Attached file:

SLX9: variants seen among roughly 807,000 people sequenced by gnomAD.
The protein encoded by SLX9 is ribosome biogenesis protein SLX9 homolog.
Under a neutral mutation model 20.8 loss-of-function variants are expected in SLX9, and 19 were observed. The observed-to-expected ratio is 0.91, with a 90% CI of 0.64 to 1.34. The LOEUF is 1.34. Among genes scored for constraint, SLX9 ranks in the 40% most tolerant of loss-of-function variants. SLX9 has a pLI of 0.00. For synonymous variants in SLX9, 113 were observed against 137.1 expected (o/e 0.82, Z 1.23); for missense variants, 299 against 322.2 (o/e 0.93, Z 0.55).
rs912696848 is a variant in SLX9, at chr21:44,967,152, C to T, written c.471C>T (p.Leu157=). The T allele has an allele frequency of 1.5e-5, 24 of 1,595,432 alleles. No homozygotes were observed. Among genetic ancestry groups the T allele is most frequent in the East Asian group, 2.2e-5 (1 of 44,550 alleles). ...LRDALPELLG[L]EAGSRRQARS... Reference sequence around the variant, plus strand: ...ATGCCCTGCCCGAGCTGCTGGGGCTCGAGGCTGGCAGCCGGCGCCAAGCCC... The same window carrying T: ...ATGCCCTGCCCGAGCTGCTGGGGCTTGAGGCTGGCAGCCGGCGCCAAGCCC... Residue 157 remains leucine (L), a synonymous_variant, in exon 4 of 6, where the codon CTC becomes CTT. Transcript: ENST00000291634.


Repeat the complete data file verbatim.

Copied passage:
SLX9: variants seen among roughly 807,000 people sequenced by gnomAD.
The protein encoded by SLX9 is ribosome biogenesis protein SLX9 homolog.
Under a neutral mutation model 20.8 loss-of-function variants are expected in SLX9, and 19 were observed. The observed-to-expected ratio is 0.91, with a 90% CI of 0.64 to 1.34. The LOEUF is 1.34. Among genes scored for constraint, SLX9 ranks in the 40% most tolerant of loss-of-function variants. SLX9 has a pLI of 0.00. For synonymous variants in SLX9, 113 were observed against 137.1 expected (o/e 0.82, Z 1.23); for missense variants, 299 against 322.2 (o/e 0.93, Z 0.55).
rs912696848 is a variant in SLX9, at chr21:44,967,152, C to T, written c.471C>T (p.Leu157=). The T allele has an allele frequency of 1.5e-5, 24 of 1,595,432 alleles. No homozygotes were observed. Among genetic ancestry groups the T allele is most frequent in the East Asian group, 2.2e-5 (1 of 44,550 alleles). ...LRDALPELLG[L]EAGSRRQARS... Reference sequence around the variant, plus strand: ...ATGCCCTGCCCGAGCTGCTGGGGCTCGAGGCTGGCAGCCGGCGCCAAGCCC... The same window carrying T: ...ATGCCCTGCCCGAGCTGCTGGGGCTTGAGGCTGGCAGCCGGCGCCAAGCCC... Residue 157 remains leucine (L), a synonymous_variant, in exon 4 of 6, where the codon CTC becomes CTT. Transcript: ENST00000291634.